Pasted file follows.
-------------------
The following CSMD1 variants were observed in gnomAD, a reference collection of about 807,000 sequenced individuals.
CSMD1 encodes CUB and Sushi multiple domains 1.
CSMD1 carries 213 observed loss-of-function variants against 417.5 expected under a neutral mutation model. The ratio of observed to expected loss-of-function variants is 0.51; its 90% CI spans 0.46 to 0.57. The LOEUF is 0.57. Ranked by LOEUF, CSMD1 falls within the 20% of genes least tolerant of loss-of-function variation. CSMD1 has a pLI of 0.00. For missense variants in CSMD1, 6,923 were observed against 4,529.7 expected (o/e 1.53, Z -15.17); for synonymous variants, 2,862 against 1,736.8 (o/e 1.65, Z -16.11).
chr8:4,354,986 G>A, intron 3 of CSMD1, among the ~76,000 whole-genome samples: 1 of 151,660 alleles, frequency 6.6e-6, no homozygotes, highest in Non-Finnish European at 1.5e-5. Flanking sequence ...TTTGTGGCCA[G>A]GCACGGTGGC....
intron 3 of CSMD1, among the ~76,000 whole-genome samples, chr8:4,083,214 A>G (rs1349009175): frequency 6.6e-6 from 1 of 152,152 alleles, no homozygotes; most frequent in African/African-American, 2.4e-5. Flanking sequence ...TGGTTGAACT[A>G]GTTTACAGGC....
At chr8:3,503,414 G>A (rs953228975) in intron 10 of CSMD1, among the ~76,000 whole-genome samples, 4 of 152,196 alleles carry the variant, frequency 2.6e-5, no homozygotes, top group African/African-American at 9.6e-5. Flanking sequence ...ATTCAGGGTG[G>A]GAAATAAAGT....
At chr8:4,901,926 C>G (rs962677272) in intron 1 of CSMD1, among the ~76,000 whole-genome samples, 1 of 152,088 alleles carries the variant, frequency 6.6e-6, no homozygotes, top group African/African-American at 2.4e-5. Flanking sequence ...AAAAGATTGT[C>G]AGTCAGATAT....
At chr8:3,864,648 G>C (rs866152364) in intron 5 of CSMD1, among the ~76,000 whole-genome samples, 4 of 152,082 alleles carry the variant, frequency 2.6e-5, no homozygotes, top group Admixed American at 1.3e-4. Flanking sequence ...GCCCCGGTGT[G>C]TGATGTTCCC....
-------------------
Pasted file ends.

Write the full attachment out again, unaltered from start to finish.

The following CSMD1 variants were observed in gnomAD, a reference collection of about 807,000 sequenced individuals.
CSMD1 encodes CUB and Sushi multiple domains 1.
CSMD1 carries 213 observed loss-of-function variants against 417.5 expected under a neutral mutation model. The ratio of observed to expected loss-of-function variants is 0.51; its 90% CI spans 0.46 to 0.57. The LOEUF is 0.57. Ranked by LOEUF, CSMD1 falls within the 20% of genes least tolerant of loss-of-function variation. CSMD1 has a pLI of 0.00. For missense variants in CSMD1, 6,923 were observed against 4,529.7 expected (o/e 1.53, Z -15.17); for synonymous variants, 2,862 against 1,736.8 (o/e 1.65, Z -16.11).
chr8:4,354,986 G>A, intron 3 of CSMD1, among the ~76,000 whole-genome samples: 1 of 151,660 alleles, frequency 6.6e-6, no homozygotes, highest in Non-Finnish European at 1.5e-5. Flanking sequence ...TTTGTGGCCA[G>A]GCACGGTGGC....
intron 3 of CSMD1, among the ~76,000 whole-genome samples, chr8:4,083,214 A>G (rs1349009175): frequency 6.6e-6 from 1 of 152,152 alleles, no homozygotes; most frequent in African/African-American, 2.4e-5. Flanking sequence ...TGGTTGAACT[A>G]GTTTACAGGC....
At chr8:3,503,414 G>A (rs953228975) in intron 10 of CSMD1, among the ~76,000 whole-genome samples, 4 of 152,196 alleles carry the variant, frequency 2.6e-5, no homozygotes, top group African/African-American at 9.6e-5. Flanking sequence ...ATTCAGGGTG[G>A]GAAATAAAGT....
At chr8:4,901,926 C>G (rs962677272) in intron 1 of CSMD1, among the ~76,000 whole-genome samples, 1 of 152,088 alleles carries the variant, frequency 6.6e-6, no homozygotes, top group African/African-American at 2.4e-5. Flanking sequence ...AAAAGATTGT[C>G]AGTCAGATAT....
At chr8:3,864,648 G>C (rs866152364) in intron 5 of CSMD1, among the ~76,000 whole-genome samples, 4 of 152,082 alleles carry the variant, frequency 2.6e-5, no homozygotes, top group Admixed American at 1.3e-4. Flanking sequence ...GCCCCGGTGT[G>C]TGATGTTCCC....